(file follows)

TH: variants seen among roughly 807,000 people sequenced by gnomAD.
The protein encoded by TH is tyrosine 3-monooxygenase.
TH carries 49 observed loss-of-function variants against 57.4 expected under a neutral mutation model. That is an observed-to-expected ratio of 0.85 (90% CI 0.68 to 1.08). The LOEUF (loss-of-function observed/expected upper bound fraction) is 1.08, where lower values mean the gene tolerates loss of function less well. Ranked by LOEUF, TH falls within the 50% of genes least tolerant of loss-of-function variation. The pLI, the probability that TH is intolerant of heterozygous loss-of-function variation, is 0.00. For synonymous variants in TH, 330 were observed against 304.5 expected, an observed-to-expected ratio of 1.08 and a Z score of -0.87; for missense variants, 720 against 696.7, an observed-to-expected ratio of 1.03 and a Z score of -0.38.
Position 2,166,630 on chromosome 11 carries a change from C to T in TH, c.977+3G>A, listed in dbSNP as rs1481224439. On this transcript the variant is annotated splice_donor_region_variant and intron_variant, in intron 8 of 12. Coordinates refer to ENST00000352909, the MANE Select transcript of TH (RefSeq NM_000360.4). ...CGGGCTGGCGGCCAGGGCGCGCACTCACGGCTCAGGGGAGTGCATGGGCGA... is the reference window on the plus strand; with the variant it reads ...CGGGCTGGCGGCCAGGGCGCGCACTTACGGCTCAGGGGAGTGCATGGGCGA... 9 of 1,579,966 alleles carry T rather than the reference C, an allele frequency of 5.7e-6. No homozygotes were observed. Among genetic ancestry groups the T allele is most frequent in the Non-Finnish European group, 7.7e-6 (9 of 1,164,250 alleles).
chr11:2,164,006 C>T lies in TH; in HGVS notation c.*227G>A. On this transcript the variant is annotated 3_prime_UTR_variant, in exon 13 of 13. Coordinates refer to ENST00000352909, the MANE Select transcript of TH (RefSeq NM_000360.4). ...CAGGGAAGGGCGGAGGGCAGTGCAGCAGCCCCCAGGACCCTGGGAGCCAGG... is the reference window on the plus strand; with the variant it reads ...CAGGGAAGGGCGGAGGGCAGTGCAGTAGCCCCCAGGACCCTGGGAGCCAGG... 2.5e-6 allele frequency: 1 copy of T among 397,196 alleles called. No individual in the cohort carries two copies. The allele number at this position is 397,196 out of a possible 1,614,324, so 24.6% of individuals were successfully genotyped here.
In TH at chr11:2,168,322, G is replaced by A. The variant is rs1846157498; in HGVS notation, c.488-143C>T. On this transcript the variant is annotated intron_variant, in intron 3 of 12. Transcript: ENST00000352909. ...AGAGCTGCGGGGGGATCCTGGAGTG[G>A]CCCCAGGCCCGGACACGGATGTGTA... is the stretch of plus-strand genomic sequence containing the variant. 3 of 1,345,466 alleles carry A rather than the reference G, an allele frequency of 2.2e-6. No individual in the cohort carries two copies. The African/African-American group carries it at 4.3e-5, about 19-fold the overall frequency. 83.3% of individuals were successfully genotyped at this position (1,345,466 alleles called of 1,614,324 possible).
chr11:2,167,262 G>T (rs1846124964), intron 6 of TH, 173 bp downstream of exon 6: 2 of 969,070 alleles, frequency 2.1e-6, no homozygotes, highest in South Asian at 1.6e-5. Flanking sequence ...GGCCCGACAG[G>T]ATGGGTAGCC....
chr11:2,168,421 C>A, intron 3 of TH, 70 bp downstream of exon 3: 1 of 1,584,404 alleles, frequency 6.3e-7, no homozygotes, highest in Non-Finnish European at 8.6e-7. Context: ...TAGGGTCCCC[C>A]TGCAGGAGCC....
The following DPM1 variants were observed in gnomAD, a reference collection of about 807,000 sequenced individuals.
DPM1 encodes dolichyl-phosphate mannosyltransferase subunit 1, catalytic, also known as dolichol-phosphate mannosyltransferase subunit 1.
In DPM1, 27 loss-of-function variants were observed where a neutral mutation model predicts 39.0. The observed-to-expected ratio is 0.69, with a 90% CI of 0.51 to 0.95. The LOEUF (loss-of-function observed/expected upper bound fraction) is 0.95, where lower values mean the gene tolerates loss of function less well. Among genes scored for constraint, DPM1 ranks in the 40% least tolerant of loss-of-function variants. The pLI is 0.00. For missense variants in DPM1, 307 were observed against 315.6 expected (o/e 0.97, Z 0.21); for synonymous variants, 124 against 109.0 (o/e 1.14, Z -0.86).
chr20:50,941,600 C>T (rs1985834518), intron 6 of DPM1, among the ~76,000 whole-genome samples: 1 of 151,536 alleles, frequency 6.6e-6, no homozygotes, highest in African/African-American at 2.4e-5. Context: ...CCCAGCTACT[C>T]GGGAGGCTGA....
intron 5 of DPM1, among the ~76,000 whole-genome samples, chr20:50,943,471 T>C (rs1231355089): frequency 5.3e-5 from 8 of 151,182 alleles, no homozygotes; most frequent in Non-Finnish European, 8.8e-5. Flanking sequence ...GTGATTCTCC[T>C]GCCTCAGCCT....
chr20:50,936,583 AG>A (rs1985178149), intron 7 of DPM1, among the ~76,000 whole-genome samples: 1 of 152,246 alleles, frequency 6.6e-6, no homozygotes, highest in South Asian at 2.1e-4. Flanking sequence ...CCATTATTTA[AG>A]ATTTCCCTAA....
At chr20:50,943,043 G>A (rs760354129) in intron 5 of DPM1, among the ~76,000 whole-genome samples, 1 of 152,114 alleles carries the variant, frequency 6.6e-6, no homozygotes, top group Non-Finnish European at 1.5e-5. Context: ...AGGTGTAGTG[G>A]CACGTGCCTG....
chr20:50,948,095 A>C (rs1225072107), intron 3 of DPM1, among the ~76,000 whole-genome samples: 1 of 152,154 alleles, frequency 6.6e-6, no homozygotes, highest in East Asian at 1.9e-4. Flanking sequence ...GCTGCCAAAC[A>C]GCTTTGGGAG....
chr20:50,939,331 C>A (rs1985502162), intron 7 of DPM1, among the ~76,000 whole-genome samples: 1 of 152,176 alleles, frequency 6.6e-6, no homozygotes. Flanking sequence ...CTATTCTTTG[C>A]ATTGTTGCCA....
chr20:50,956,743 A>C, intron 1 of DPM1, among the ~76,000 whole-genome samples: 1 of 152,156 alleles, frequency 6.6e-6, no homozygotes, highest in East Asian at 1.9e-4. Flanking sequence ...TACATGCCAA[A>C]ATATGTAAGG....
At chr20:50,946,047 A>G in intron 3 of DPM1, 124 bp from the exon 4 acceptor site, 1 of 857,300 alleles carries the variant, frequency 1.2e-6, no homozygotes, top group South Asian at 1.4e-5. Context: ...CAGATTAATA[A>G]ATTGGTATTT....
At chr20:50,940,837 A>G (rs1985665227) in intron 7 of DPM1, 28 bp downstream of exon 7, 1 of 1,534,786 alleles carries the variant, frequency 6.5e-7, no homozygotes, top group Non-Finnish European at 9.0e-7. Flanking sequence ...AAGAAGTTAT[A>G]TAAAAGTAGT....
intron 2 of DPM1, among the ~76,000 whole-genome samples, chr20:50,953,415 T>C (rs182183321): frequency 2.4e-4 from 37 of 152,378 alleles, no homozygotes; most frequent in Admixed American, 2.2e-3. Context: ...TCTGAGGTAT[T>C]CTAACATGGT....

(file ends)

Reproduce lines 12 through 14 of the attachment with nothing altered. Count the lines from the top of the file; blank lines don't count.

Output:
chr20:50,941,600 C>T (rs1985834518), intron 6 of DPM1, among the ~76,000 whole-genome samples: 1 of 151,536 alleles, frequency 6.6e-6, no homozygotes, highest in African/African-American at 2.4e-5. Context: ...CCCAGCTACT[C>T]GGGAGGCTGA....
intron 5 of DPM1, among the ~76,000 whole-genome samples, chr20:50,943,471 T>C (rs1231355089): frequency 5.3e-5 from 8 of 151,182 alleles, no homozygotes; most frequent in Non-Finnish European, 8.8e-5. Flanking sequence ...GTGATTCTCC[T>C]GCCTCAGCCT....
chr20:50,936,583 AG>A (rs1985178149), intron 7 of DPM1, among the ~76,000 whole-genome samples: 1 of 152,246 alleles, frequency 6.6e-6, no homozygotes, highest in South Asian at 2.1e-4. Flanking sequence ...CCATTATTTA[AG>A]ATTTCCCTAA....